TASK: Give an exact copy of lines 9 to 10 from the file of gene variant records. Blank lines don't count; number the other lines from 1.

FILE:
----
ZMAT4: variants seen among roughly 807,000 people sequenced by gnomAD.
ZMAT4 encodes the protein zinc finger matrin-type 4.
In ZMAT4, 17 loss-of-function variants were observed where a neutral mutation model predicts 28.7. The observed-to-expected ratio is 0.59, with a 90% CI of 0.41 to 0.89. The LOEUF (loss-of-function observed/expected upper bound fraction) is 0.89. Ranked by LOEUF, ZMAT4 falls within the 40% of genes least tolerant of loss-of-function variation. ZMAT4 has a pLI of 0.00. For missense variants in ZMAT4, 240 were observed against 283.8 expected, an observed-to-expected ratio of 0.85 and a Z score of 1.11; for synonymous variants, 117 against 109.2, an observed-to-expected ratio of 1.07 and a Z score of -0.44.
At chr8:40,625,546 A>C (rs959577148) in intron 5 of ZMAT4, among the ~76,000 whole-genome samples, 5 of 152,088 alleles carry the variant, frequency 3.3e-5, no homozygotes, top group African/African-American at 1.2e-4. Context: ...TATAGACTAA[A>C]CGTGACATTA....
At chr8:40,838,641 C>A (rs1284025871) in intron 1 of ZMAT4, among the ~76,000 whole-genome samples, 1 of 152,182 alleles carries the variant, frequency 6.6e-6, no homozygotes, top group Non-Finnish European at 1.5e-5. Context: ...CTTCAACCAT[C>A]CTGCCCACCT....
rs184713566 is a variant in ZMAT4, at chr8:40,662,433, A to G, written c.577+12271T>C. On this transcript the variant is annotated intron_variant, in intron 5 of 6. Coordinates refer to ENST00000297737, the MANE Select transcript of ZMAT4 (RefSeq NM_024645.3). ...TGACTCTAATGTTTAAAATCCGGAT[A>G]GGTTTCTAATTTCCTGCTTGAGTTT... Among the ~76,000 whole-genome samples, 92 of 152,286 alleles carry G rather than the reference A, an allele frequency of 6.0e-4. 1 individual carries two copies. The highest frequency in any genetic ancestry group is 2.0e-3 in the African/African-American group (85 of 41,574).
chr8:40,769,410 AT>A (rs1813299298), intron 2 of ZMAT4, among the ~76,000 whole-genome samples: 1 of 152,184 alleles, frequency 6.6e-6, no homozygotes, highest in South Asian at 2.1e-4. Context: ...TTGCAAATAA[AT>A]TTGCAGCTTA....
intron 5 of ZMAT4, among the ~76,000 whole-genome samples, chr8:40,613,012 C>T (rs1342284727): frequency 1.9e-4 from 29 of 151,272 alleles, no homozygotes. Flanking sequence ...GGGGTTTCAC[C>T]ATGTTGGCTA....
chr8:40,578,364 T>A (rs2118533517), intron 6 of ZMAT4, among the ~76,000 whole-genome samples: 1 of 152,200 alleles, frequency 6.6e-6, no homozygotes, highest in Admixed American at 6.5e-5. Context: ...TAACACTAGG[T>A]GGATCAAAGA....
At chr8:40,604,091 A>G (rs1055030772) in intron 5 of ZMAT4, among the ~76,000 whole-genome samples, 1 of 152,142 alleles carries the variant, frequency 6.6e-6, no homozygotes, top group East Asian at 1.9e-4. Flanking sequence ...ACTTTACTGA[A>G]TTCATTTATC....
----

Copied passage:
chr8:40,578,364 T>A (rs2118533517), intron 6 of ZMAT4, among the ~76,000 whole-genome samples: 1 of 152,200 alleles, frequency 6.6e-6, no homozygotes, highest in Admixed American at 6.5e-5. Context: ...TAACACTAGG[T>A]GGATCAAAGA....
At chr8:40,604,091 A>G (rs1055030772) in intron 5 of ZMAT4, among the ~76,000 whole-genome samples, 1 of 152,142 alleles carries the variant, frequency 6.6e-6, no homozygotes, top group East Asian at 1.9e-4. Flanking sequence ...ACTTTACTGA[A>G]TTCATTTATC....